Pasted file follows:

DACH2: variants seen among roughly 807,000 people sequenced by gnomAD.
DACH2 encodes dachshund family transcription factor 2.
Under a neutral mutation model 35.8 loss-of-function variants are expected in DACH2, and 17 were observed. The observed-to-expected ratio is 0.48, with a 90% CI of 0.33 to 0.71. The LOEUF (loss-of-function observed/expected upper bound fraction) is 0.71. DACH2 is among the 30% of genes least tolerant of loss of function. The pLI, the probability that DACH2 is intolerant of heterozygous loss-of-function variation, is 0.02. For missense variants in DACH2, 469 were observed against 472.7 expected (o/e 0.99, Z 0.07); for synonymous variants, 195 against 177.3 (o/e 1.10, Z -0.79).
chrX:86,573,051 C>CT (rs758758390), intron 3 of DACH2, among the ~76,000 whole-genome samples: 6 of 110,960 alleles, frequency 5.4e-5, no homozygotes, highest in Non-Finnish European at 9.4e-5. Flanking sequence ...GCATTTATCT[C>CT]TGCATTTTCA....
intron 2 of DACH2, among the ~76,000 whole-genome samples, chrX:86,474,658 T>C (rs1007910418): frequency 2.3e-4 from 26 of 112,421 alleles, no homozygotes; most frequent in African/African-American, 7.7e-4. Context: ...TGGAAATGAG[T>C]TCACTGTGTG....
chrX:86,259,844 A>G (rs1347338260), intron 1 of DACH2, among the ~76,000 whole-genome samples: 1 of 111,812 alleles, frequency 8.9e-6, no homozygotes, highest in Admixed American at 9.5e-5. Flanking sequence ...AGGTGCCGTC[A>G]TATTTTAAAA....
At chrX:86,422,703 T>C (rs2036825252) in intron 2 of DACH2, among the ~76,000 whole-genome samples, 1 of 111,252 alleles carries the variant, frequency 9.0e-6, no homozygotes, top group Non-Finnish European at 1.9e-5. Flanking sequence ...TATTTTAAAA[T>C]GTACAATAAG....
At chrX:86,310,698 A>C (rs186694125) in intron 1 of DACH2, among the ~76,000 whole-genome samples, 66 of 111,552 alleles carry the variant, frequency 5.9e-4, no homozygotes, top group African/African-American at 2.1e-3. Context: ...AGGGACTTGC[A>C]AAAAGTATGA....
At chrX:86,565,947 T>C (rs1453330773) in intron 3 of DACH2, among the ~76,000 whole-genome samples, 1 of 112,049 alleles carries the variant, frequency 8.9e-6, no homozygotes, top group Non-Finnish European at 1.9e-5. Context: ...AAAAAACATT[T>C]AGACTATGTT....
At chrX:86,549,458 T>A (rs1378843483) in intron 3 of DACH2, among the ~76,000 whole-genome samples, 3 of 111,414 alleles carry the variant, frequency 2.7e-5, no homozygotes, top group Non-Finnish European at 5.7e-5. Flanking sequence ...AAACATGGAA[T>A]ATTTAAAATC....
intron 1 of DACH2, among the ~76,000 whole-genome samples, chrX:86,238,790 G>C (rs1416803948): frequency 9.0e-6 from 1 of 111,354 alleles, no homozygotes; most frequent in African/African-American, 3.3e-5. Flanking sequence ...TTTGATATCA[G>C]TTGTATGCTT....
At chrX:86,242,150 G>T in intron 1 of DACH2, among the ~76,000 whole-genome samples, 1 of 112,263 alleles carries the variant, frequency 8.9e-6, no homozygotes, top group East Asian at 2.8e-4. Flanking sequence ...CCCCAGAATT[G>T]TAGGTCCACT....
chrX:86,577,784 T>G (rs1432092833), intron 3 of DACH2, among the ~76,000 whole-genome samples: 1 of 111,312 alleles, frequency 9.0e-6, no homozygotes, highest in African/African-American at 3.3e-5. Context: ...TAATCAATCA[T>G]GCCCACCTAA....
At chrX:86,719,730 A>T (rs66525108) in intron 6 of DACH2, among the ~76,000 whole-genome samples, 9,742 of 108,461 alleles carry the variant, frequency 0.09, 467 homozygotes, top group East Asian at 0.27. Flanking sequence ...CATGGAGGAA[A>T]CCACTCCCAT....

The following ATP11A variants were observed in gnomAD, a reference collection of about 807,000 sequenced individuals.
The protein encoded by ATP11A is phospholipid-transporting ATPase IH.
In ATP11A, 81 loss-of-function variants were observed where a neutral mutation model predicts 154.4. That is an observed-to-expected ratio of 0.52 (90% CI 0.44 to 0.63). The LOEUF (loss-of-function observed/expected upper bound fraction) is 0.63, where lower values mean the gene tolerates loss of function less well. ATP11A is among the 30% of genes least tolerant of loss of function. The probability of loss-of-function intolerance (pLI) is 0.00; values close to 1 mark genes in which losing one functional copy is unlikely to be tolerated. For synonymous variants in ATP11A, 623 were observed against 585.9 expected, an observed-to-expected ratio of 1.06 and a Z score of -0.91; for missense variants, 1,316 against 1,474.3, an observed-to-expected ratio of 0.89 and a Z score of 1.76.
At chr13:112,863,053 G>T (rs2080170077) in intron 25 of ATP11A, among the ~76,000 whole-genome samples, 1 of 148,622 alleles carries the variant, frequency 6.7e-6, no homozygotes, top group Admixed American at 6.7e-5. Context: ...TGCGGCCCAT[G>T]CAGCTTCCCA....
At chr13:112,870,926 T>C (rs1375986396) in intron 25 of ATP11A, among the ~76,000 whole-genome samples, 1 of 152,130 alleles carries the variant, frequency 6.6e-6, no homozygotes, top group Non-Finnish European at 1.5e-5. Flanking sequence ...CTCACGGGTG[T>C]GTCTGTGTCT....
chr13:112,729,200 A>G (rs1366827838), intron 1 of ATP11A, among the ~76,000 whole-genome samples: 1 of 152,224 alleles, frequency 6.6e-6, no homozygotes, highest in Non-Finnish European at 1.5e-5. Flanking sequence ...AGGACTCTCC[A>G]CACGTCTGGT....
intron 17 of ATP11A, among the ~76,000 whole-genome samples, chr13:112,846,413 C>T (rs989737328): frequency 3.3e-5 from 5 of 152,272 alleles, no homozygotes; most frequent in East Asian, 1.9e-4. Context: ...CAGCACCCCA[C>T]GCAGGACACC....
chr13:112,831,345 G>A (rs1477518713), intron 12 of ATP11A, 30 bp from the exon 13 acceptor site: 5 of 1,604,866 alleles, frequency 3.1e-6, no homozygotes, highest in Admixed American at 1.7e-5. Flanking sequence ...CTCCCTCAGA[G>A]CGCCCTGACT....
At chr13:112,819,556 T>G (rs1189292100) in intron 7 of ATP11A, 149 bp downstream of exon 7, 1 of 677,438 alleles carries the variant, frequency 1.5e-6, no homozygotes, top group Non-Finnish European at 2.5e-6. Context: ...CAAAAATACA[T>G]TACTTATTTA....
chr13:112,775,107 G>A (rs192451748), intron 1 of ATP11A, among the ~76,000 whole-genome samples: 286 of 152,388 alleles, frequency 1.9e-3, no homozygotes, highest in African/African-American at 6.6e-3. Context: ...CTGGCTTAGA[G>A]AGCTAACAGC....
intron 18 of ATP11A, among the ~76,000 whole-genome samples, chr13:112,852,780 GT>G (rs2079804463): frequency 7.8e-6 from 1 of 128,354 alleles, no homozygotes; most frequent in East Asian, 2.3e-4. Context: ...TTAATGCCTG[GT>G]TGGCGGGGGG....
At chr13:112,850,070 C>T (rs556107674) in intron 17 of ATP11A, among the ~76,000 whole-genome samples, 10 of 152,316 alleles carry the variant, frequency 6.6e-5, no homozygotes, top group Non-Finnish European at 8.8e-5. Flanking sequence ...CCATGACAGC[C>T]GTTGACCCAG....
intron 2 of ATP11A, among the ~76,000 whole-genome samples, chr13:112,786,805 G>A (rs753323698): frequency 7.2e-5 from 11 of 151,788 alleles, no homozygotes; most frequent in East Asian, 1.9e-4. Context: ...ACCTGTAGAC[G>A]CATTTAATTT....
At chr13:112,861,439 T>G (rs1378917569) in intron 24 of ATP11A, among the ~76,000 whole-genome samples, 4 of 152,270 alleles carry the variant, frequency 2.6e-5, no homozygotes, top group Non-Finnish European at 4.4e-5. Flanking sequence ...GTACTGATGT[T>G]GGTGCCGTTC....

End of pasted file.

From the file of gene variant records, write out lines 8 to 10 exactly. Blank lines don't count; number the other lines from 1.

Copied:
At chrX:86,310,698 A>C (rs186694125) in intron 1 of DACH2, among the ~76,000 whole-genome samples, 66 of 111,552 alleles carry the variant, frequency 5.9e-4, no homozygotes, top group African/African-American at 2.1e-3. Context: ...AGGGACTTGC[A>C]AAAAGTATGA....
At chrX:86,565,947 T>C (rs1453330773) in intron 3 of DACH2, among the ~76,000 whole-genome samples, 1 of 112,049 alleles carries the variant, frequency 8.9e-6, no homozygotes, top group Non-Finnish European at 1.9e-5. Context: ...AAAAAACATT[T>C]AGACTATGTT....
At chrX:86,549,458 T>A (rs1378843483) in intron 3 of DACH2, among the ~76,000 whole-genome samples, 3 of 111,414 alleles carry the variant, frequency 2.7e-5, no homozygotes, top group Non-Finnish European at 5.7e-5. Flanking sequence ...AAACATGGAA[T>A]ATTTAAAATC....